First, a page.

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J. Andrew Carter, Jr.
The Market for Force
In the current postmodern political climate, military and security services have evolved and specialized to an impressive degree. Arguably, state governments have relinquished their monopoly of force through the increased provision of contracts to specialized private contractors to provide support or carry out complex services on behalf of or in addition to current military or security engagements. Public sector governments and private citizens are motivated to utilize these specialized services due to the supposed benefits of outsourcing military and security services. In particular, the private sector promises innovation, efficiency, expertise and exclusivity. The benefit of incorporating private actors into public and private military and security network has given rise to an array of affluent, connected and powerful multinational corporations, which have then generated influence on a broad spectrum of security policy worldwide.
While in some jurisdictions, the utility of private military and security services is legally ambiguous, its cost effectiveness and contractual nature provides its clientele- both public and private actors- with invaluable protection, decreased accountability and highly specialized services. The fine line is not easily distinguished between public and private actors in the security industry. Private citizens and former public security personnel have the ability to engage in these services formerly reserved for state and national police and military actors through employment with private firms. The personnel within the sector are able to engage in activities within specialized, privately registered corporations or consultancies, which market collaborative or supplemental security services to both private citizens and public governments in a manner that they are outside the scope of conventional security networks. These private actors engage in services such as combat support, armed guarding, protection or detention of persons, assets or objects, as well as the maintenance and strategic functionality of arms, surveillance or security systems.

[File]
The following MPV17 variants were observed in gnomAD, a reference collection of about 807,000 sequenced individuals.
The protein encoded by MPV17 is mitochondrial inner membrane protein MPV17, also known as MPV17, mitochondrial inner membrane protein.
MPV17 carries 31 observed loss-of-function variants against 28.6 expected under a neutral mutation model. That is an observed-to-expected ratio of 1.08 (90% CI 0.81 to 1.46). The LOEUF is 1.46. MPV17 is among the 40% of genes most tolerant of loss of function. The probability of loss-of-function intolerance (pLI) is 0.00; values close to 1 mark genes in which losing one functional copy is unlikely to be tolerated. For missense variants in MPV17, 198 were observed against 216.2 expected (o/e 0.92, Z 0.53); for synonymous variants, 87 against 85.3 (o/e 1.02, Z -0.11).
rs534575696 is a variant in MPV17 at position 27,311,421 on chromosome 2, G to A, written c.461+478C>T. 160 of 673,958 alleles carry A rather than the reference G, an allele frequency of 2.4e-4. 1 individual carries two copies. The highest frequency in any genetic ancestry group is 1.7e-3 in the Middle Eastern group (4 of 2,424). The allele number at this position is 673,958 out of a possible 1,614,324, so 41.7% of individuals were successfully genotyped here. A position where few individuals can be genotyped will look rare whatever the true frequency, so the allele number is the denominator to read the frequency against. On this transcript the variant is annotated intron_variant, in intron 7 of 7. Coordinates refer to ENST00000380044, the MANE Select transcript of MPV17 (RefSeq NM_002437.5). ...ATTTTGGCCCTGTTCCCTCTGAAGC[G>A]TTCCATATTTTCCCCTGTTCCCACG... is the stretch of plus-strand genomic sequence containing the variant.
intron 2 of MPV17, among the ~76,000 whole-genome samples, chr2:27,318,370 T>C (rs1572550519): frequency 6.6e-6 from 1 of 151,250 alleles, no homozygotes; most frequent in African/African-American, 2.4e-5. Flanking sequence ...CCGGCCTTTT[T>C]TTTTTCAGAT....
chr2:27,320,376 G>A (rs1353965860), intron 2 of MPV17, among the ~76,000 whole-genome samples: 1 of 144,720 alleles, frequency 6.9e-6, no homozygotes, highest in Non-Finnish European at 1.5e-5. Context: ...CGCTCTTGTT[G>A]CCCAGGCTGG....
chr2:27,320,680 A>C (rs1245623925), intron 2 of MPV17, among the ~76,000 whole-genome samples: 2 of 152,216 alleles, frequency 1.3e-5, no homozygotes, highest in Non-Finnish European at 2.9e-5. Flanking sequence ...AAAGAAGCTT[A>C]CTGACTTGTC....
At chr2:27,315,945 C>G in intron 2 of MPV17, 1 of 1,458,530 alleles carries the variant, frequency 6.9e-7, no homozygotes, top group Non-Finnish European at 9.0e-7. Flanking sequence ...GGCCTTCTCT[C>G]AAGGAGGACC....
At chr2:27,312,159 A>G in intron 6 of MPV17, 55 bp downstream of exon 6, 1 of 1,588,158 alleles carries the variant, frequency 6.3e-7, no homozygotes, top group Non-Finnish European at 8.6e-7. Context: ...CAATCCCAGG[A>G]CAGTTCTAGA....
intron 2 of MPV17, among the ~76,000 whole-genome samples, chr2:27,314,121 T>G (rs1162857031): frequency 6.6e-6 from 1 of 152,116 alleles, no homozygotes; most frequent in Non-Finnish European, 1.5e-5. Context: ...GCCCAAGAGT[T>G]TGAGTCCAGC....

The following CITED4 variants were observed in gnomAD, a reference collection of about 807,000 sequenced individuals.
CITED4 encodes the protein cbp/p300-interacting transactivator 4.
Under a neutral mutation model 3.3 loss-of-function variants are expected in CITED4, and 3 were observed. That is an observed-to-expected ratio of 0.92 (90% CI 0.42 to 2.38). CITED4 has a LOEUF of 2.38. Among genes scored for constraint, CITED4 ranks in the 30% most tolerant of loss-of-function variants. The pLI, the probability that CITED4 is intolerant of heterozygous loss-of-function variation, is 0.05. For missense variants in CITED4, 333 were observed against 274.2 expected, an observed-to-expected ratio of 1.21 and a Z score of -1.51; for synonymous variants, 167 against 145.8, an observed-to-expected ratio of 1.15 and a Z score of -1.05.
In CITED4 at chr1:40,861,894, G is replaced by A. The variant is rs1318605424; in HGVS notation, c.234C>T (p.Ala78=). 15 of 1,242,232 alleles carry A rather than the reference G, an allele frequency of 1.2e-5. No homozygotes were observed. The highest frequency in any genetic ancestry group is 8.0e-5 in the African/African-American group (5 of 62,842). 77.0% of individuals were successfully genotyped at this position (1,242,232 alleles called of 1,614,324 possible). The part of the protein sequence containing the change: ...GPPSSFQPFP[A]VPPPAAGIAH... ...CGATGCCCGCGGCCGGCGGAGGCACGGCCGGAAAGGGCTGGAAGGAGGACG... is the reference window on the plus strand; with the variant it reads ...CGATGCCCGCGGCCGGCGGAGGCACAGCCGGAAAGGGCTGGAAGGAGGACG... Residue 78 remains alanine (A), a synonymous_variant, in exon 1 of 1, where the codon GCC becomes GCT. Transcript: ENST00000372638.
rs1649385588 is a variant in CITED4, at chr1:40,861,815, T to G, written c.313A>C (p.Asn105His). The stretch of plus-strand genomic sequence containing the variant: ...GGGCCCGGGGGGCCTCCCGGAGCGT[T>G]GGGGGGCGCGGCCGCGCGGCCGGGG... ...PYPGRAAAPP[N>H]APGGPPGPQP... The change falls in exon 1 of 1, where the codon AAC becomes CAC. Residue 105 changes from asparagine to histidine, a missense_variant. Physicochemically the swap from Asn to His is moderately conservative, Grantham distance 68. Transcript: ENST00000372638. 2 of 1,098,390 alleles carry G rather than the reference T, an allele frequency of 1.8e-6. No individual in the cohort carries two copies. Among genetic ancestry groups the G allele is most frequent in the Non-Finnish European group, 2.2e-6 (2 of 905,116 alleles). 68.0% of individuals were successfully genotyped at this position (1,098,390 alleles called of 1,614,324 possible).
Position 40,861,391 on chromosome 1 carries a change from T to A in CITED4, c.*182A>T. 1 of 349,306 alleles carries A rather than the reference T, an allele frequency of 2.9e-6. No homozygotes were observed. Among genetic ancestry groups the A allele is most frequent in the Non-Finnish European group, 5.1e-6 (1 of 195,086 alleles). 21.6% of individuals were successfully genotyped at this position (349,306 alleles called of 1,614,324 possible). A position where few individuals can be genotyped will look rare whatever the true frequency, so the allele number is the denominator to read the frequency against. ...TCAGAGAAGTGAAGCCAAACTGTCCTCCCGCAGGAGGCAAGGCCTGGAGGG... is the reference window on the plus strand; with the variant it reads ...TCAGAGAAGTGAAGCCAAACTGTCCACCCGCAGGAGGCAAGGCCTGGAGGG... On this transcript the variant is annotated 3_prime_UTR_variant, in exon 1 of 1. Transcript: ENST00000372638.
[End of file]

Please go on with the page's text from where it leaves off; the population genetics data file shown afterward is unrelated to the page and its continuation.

In 2017, Shock Monitor launched an interactive tool on its webpage intending to track and pinpoint firms operating in various jurisdictions within the international system to increase transparency of the sector. The tool embodies the principle mission of the campaign, which is to observe and document military and security activity by third party actors and to promote research and reporting on impacts to humanitarian and international law around the world, without limitation to any specific geographical context.
The data published within the online database and mapping tool is collected, developed and verified through the Shock Monitor technical and research team. Shock Monitor was created under the direction of the International Institute for Nonviolent Action (NOVACT), headquartered in Barcelona, Spain, which provides a physical space and common field office for Shock Monitor. Despite the institutional ties of the organization, Shock Monitor operates independently and benefits from the broad range of human rights activism established through the NOVACT platform.
Shock Monitor is not limited to an online research tool, and also encompasses local civil society organizations, human rights activists, academic researchers, and other…